Pros of Light Duty
The benefit of offering light duty work is that it keeps you in compliance with labor laws that require reasonable accommodations, and it also improves your employment brand, employee job satisfaction and goodwill in the community. In a sense, it’s a cost-avoidance strategy. Here’s how it can benefit your business:
- Employee Retention – You’ll retain solid employees and save the cost of having to search for, hire and train new ones. Replacing employees can cost thousands of dollars.
- Labor Law Compliance – You’ll avoid costly fines, as well as increase your chances of winning a lawsuit, should an employee sue for discrimination or wrongful termination.
- Goodwill – Your customers and the employee’s co-workers will see your efforts to assist staff in transitioning back to work. That can improve your employment brand.
Cons of Light Duty
There are some downsides to light duty that you should be aware of, and take action to prevent. They include:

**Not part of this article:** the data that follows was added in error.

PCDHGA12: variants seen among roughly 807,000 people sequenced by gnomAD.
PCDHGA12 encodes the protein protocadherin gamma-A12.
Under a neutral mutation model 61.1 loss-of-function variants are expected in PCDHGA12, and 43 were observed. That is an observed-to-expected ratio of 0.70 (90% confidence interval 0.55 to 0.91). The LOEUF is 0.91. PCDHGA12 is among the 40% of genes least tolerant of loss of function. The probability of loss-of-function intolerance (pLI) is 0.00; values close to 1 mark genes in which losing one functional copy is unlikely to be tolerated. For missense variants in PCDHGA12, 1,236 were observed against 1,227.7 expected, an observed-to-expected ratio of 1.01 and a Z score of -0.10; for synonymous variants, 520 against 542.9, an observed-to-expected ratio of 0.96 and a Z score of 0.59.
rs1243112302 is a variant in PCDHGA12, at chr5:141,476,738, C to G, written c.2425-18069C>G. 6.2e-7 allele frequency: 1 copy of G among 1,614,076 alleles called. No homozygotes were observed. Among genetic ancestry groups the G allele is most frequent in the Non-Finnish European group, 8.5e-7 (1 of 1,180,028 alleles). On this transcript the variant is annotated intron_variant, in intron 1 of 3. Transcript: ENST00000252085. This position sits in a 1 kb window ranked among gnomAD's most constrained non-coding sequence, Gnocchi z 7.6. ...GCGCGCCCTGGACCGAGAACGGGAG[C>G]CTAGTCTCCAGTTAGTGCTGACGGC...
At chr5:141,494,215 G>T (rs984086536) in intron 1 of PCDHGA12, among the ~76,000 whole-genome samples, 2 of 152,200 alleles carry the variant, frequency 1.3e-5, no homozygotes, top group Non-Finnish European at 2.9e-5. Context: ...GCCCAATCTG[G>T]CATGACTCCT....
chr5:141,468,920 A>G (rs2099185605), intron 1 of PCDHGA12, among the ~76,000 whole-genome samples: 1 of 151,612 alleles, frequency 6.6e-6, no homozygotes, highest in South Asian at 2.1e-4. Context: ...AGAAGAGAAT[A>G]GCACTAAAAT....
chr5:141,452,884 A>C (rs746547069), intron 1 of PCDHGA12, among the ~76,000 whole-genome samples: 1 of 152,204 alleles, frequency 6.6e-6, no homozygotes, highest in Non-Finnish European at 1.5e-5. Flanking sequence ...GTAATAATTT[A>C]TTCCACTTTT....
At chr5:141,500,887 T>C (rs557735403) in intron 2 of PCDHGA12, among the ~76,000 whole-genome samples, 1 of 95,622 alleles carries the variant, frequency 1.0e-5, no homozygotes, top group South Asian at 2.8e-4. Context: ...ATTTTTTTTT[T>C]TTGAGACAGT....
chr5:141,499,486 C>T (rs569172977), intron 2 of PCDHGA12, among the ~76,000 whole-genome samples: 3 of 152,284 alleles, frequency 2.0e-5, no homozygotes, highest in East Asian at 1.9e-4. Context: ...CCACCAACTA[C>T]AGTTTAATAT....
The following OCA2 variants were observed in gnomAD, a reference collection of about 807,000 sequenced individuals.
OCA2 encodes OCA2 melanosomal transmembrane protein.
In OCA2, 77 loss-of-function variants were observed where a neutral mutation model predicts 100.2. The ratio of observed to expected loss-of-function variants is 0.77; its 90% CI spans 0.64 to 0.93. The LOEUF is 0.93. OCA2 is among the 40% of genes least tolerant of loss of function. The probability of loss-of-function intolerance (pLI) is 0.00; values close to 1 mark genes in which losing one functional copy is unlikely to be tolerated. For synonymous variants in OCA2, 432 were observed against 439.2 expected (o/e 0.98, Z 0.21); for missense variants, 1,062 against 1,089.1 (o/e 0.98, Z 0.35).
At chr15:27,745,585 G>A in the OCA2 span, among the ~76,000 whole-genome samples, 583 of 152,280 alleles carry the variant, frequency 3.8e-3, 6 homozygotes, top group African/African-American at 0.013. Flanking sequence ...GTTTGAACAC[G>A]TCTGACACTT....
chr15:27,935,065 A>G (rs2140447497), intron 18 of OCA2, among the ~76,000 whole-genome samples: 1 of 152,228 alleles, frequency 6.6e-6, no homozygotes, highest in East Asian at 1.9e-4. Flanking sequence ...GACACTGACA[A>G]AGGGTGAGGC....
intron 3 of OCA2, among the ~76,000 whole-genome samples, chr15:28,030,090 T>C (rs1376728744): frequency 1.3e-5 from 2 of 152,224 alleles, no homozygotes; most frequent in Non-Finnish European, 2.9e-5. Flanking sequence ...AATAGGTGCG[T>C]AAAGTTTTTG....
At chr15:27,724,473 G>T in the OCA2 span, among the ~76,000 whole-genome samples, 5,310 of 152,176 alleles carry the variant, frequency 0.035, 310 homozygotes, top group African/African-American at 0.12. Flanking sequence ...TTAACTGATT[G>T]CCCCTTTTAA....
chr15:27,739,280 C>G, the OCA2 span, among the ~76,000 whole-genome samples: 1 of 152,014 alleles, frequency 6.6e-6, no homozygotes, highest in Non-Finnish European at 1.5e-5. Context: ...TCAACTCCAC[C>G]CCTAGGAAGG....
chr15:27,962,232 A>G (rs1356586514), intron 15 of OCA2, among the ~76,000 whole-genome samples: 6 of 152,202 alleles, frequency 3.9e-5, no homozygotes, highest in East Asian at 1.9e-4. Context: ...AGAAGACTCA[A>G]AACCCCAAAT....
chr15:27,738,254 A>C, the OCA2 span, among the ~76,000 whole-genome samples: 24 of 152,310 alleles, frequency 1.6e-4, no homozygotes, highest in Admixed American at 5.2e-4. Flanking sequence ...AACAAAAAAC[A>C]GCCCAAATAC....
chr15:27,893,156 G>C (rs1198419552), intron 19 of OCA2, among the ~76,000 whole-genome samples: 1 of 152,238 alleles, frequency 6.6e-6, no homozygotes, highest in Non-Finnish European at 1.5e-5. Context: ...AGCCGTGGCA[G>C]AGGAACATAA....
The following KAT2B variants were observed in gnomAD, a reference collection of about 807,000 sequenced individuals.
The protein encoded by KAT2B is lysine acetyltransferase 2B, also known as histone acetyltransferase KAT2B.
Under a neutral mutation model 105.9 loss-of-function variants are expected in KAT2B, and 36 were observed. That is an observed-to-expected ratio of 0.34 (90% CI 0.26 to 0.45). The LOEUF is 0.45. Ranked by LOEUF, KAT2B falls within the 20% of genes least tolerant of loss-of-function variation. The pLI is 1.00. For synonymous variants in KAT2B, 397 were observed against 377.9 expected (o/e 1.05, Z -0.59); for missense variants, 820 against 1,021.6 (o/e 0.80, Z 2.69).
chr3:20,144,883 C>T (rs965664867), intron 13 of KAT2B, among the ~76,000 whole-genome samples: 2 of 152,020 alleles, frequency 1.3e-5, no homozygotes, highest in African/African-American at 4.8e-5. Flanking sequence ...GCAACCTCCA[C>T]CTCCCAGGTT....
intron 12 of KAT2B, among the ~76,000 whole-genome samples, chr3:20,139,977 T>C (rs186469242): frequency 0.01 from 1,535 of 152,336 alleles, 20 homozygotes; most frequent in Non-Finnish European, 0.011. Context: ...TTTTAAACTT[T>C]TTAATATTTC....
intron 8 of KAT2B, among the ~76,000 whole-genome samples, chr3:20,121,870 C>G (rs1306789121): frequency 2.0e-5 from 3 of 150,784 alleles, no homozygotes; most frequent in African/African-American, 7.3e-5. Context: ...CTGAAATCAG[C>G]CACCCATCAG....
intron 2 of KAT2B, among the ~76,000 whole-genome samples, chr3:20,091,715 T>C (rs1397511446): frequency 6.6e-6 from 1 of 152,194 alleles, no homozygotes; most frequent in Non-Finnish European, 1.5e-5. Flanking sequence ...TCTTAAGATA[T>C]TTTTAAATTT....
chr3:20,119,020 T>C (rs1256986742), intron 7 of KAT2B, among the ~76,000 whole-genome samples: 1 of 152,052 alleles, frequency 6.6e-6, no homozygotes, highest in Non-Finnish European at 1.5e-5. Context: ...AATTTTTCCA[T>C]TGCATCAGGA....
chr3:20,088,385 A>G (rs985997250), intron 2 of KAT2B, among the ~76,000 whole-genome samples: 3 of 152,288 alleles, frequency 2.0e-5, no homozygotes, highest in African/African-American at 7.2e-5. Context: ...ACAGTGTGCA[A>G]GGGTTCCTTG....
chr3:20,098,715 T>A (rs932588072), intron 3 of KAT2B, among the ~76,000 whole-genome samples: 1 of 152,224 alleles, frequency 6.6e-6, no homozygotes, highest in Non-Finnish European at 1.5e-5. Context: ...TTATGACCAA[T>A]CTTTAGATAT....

- Failure to Accommodate a Legitimate Request – If you fail to accommodate a reasonable request and are unable to present an undue hardship rationale, you may be putting your business at risk of a lawsuit or labor law investigation.
- Light Duty May Become Permanent – If you forget to specify a time frame, you may find an employee turns their light duty work into a permanent job. Therefore, it’s critical you set a time limit, such as 90 or 120 days, and make clear that light duty is a temporary, not permanent, job placement option.
- Employee May Take Advantage – It’s best to allow light duty only after being provided with medical documentation. That documentation should specifically list the work restrictions requested. For example, an employee who says their back hurts, but fails to provide documentation, may be someone taking advantage of your generous nature.